Chiricahua Astronomy Complex History

A Facility of the Tucson Amateur Astronomy Association

by Bill Lofquist

At the June 2007 meeting of the Board of Directors of the Tucson Amateur Astronomy Association (TAAA), two goals were set related to a long-time desire of its members. These were: by May 2008 (1) land will be secured for a permanent dark observing site and (2) a strategic plan will be in place for its development. The TAAA, which was organized in 1954, had for several decades searched for land for this purpose.

With the setting of these goals, steps were immediately taken to achieve them. Members were invited to submit proposals for land. A piece of former ranch land in the Turkey Creek area west of the Chiricahua Mountains in Cochise County was found and evaluated. While the land search continued, four TAAA members organized themselves as the Perseus Group to purchase land in order to make a gift of it to the club. These members were Sam Rua, Robert Crawford, Erich Karkoschka and John and Liz Kalas. In August 2007, a special meeting of about 40 members was held to engage those interested in creating a vision for a new astronomy complex. Subsequent small group meetings were held to make this vision very specific.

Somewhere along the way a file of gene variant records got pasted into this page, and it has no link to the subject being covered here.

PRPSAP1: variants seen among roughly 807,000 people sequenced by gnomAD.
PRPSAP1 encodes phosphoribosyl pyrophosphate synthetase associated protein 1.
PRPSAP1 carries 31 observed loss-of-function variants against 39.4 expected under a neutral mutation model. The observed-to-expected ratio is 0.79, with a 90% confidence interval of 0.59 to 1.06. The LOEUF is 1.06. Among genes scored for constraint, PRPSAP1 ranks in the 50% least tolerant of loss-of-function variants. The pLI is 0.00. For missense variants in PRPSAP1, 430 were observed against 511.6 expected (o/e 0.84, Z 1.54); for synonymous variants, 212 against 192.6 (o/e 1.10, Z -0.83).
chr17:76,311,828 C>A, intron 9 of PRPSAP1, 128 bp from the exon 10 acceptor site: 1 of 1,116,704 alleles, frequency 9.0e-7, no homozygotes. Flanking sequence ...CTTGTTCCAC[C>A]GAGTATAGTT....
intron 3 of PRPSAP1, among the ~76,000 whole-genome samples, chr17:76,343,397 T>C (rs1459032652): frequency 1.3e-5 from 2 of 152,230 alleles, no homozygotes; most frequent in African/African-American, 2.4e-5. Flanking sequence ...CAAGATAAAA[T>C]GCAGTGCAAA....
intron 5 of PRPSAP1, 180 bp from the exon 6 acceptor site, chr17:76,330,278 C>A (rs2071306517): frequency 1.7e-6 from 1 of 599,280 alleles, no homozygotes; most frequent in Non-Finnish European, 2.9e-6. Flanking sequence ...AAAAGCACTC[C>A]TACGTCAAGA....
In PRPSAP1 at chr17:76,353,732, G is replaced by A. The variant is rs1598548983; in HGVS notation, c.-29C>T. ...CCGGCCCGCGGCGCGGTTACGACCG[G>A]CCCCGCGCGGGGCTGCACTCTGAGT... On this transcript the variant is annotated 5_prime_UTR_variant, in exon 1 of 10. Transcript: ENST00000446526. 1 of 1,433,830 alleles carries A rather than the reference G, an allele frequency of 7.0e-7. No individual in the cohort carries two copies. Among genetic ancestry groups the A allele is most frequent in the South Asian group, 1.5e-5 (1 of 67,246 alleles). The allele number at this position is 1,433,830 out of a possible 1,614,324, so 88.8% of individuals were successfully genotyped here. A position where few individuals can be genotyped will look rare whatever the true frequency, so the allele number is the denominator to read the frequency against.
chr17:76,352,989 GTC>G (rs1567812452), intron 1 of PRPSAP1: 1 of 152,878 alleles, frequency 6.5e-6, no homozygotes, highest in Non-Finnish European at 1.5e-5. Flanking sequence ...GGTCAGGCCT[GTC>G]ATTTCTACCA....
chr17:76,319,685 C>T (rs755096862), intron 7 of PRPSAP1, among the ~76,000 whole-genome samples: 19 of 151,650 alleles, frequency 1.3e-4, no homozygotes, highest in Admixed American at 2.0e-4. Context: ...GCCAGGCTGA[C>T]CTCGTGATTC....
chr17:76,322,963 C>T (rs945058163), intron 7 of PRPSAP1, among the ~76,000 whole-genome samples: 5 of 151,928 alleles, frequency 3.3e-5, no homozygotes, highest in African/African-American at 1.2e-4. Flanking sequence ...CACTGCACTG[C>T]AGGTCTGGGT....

The land was purchased in October 2007, and the vision was shaped into an application to the Cochise County Planning and Zoning Commission for a Special Use Permit. This application was unanimously approved in February 2008 and the development of the Chiricahua Astronomy Complex (CAC) was set in motion. Sixteen acres of land was donated to the club by the Perseus Group.

The first phase of development, the infrastructure that was needed, was begun later that year. This included the improvement and building of roads, the extension of electric service to the site, the drilling of a well and building the well house, the construction of bathroom facilities with septic system, and the creation of a graveled parking area. This initial work was completed in early 2010. On February 13th, the first star party was held and members started using the site for observing.

The next phase of development (2a) included the “public area” adjacent to the parking area. This provided ten concrete observing pads with electric service (see picture below), the building of a roll-off roof observatory for a 14” SCT telescope, two secure steel storage units, and a large circular concrete observing pad for an 18” Dobsonian telescope. Four RV/Camper sites were included in the later phase (2b). During this time, a TAAA member made a generous gift of four telescopes with accessories to use at CAC, which included the 14” SCT telescope. These developments were completed in September 2011 (phase 2a) and September 2012 (phase 2b).


Other components of the Master Site Plan (MSP) to be developed in the future include an Outdoor Education Ramada, twelve Sleeping Rooms, an Education/Activity Center, a Residence, one or two Large Roll-off Roof Observatories, 45 Member Pads and 15 Member Observatories. See the MSP for these facilities. While this is a long-range endeavor, the goal of completing the Master Site Plan is being aggressively pursued by the TAAA membership.

Members of the TAAA have provided all of the funds needed to bring us this far in the development of CAC. To move ahead we will need help from additional resources such as private and corporate foundations, grants and contributions from individuals.